Watercare And The Waikato River
The Waikato River Authority are reported as wanting New Zealanders living in Auckland to pay for more water from the Waikato River and have suggested up to 10 cents a litre, or $20 million a day.
Watercare currently charges Aucklanders 0.001594 cents a litre for water, or $1.594 cents for 1000 litres. This water and wastewater charge by Watercare is for the processing of the raw water feed to provide drinking water and remove and treat wastewater. It does not charge for the water itself.
The average household water bill is about $1000 a year.
When the suggested charge of 10cents per litre is added on we are looking at an increase of 199.94% in the average household water bill.
Auckland Mayor Phil Goff requested last week that the Government fast-track the city's application to take an extra 200 million litres a day from the Waikato River.
The Waikato River Authority called on Local Government Minister Nanaia Mahuta to launch an inquiry into Auckland's water crisis and its potential impact on the river.
Authority co-chair Roger Pikia said Auckland took 17 per cent of its water needs from the river last year and is currently taking 40 per cent, saying it is not sustainable for more and more water to be going out of the Waikato catchment.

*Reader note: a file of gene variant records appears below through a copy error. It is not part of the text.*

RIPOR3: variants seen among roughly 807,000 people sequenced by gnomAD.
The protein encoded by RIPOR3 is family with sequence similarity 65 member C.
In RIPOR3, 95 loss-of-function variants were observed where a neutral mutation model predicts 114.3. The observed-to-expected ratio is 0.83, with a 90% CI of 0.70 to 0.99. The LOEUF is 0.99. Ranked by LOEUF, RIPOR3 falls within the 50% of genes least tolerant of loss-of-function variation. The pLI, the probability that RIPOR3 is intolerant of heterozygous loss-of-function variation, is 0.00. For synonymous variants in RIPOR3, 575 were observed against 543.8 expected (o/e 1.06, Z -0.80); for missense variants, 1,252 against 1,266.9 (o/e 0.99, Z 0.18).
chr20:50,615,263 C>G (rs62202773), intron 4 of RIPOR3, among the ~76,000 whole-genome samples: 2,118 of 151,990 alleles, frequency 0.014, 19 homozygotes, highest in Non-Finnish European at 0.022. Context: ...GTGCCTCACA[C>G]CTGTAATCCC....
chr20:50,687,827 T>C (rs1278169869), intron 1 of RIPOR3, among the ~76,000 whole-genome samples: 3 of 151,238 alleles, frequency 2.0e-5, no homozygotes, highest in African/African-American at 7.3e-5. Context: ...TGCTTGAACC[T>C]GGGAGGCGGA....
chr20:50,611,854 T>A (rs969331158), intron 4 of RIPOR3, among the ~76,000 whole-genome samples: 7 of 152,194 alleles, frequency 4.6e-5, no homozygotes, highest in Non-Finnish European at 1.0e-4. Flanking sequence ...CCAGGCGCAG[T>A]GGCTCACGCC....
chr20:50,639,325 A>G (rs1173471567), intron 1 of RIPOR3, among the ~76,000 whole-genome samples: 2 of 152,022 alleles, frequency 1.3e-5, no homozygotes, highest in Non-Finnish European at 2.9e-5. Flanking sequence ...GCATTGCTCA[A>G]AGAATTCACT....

He did not say that the water Auckland takes is from the river close to where it flows to the sea and that the take causes less drop in flow than the tidal movement in the area.
"This is not a Waikato versus Auckland issue, this is a Waikato River issue," Pikia said.
This seems to be nothing short of a proposed wealth transfer to a select few.
Why do I say that?
The water in New Zealand is held in joint ownership for the benefit of all the citizens of New Zealand.
How can Aucklanders be asked to pay for something which we already have an ownership of?
The justification offered for the proposed wealth transfer is that the money would be used to maintain and restore the river. The first question to ask therefore should be what is the effect on the river of increasing Auckland’s take?
There is much talk about this take affecting the allocation of water to users upstream of the water intake. There is no evidence that the current or proposed take affects the upstream users or in fact the river itself upstream of the intake point.
As already noted, the take drops the river less than the tide and presumably much less than the high winter flows that could be targeted.
The mean discharge of the Waikato River is 340 cubic metres per second, with the highest flows typically occurring in July and August.
1 cubic meter/second is equal to 86,400,000 litres per day.
Total average flow in litres per day = 340 x 86,400,000
Therefore we can see that the current consent for the Auckland City water take from the river (150,000,000 litres per day) is equivalent to just over 0.5% of the total average daily flow rates.
To reinforce the point, there is minimal if any adverse effect on the river from abstraction from an area of the river that is in the tidal zone and very close to the river mouth where all of the water is discharged to the Tasman Sea.
Aucklanders could invest $billions in borrowed money on desalinating the ocean. Or they could extract the water from the river before it becomes salty. The primary environmental difference between the two options is the avoided electricity cost and greenhouse gas emissions of the first one.